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Library of Congress Reading Room (www.loc.gov)
The reading room, named after the Hispanic Society in New York, was dedicated in 1939 to serve as a focal point to orient and assist researchers who seek to avail themselves of the immense opportunities afforded by Luso-Hispanic materials throughout the Library of Congress. The Hispanic Reading Room, as it is usually called, serves as the primary access point for research relating to those parts of the world encompassing the geographical areas of the Caribbean, Latin America, and Iberia; the indigenous cultures of those areas; and peoples throughout the world historically influenced by Luso-Hispanic heritage, including Latinos in the U.S., and peoples of Portuguese or Spanish heritage in Africa, Asia, and Oceania. In addition to a 4,000 volume reference collection, including a collection of CD-ROMs, there is the Archive of Hispanic Literature on Tape. This is a unique audio collection of authors reading passages from their own literature.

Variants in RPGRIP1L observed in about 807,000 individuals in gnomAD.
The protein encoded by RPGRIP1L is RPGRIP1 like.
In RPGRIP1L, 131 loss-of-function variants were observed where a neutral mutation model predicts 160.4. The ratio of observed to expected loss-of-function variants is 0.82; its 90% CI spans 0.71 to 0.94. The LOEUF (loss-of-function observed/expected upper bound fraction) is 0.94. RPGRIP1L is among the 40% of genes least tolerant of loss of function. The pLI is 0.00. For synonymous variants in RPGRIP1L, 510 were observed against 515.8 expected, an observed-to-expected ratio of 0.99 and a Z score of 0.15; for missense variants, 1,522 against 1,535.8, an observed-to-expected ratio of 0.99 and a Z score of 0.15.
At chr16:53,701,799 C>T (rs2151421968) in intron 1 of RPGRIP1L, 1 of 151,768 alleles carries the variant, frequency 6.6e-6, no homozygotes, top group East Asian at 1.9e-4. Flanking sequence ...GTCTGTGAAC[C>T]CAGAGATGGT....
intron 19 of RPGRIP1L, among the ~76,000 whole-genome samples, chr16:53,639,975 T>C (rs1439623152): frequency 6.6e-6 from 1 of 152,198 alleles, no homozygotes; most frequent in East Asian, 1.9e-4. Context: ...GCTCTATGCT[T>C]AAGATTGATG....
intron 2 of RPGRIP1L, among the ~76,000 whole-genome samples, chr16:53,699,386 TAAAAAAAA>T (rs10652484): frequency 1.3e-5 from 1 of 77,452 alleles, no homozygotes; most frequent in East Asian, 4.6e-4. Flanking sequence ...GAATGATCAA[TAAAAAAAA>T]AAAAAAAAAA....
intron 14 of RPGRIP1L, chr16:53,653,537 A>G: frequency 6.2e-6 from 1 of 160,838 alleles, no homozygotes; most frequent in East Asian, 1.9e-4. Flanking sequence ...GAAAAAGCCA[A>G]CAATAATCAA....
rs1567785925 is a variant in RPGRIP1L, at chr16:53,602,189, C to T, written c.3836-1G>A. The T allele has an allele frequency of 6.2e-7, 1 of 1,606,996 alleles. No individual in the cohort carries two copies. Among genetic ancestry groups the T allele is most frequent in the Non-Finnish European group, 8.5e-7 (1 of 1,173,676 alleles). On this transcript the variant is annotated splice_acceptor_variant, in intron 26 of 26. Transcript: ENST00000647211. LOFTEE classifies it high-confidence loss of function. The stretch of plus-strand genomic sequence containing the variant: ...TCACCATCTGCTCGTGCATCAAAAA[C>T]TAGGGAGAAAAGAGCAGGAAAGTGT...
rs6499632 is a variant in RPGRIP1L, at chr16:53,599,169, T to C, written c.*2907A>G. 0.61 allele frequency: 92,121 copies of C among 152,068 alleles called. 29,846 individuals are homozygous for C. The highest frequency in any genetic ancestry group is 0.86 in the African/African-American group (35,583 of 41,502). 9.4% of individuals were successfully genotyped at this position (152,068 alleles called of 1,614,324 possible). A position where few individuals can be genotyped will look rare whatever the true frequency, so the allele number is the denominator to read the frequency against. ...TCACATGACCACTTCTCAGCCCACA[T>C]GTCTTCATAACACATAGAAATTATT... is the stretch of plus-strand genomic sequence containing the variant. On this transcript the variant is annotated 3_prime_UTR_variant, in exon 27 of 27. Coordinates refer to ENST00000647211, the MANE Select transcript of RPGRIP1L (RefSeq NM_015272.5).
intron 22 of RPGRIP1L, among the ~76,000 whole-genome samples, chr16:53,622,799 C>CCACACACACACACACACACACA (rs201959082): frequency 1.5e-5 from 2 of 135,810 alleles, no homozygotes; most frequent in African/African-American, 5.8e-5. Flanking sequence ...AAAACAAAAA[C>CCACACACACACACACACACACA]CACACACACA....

The Handbook is a bibliography on Latin America consisting of works selected and annotated by scholars. Edited by the Hispanic Division of the Library of Congress, the multidisciplinary Handbook alternates annually between the social sciences and the humanities. Each year, more than 130 academics from around the world choose over 5,000 works for inclusion in the Handbook. Continuously published since 1936, the Handbook offers Latin Americanists an essential guide to available resources.